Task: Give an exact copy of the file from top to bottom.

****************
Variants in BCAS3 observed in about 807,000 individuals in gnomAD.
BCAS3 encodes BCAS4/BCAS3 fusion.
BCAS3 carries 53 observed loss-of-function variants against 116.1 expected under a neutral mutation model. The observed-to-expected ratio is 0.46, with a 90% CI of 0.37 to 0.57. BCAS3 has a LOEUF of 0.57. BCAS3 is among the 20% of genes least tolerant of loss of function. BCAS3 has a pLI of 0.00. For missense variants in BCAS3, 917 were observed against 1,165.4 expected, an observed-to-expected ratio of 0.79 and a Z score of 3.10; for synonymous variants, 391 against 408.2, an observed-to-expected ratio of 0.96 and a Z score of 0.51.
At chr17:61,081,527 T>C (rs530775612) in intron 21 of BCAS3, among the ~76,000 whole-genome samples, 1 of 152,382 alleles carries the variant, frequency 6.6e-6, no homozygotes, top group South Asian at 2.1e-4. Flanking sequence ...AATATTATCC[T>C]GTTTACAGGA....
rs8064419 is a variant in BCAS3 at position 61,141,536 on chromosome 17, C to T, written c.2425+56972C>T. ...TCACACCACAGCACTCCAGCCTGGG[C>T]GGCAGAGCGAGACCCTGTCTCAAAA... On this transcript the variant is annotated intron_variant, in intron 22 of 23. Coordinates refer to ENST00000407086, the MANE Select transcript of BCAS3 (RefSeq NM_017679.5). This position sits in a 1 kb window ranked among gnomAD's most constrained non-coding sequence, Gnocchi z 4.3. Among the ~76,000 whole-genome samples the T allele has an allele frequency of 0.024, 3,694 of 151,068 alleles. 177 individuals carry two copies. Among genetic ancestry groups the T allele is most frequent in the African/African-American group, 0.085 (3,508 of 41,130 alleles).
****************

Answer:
Variants in BCAS3 observed in about 807,000 individuals in gnomAD.
BCAS3 encodes BCAS4/BCAS3 fusion.
BCAS3 carries 53 observed loss-of-function variants against 116.1 expected under a neutral mutation model. The observed-to-expected ratio is 0.46, with a 90% CI of 0.37 to 0.57. BCAS3 has a LOEUF of 0.57. BCAS3 is among the 20% of genes least tolerant of loss of function. BCAS3 has a pLI of 0.00. For missense variants in BCAS3, 917 were observed against 1,165.4 expected, an observed-to-expected ratio of 0.79 and a Z score of 3.10; for synonymous variants, 391 against 408.2, an observed-to-expected ratio of 0.96 and a Z score of 0.51.
At chr17:61,081,527 T>C (rs530775612) in intron 21 of BCAS3, among the ~76,000 whole-genome samples, 1 of 152,382 alleles carries the variant, frequency 6.6e-6, no homozygotes, top group South Asian at 2.1e-4. Flanking sequence ...AATATTATCC[T>C]GTTTACAGGA....
rs8064419 is a variant in BCAS3 at position 61,141,536 on chromosome 17, C to T, written c.2425+56972C>T. ...TCACACCACAGCACTCCAGCCTGGG[C>T]GGCAGAGCGAGACCCTGTCTCAAAA... On this transcript the variant is annotated intron_variant, in intron 22 of 23. Coordinates refer to ENST00000407086, the MANE Select transcript of BCAS3 (RefSeq NM_017679.5). This position sits in a 1 kb window ranked among gnomAD's most constrained non-coding sequence, Gnocchi z 4.3. Among the ~76,000 whole-genome samples the T allele has an allele frequency of 0.024, 3,694 of 151,068 alleles. 177 individuals carry two copies. Among genetic ancestry groups the T allele is most frequent in the African/African-American group, 0.085 (3,508 of 41,130 alleles).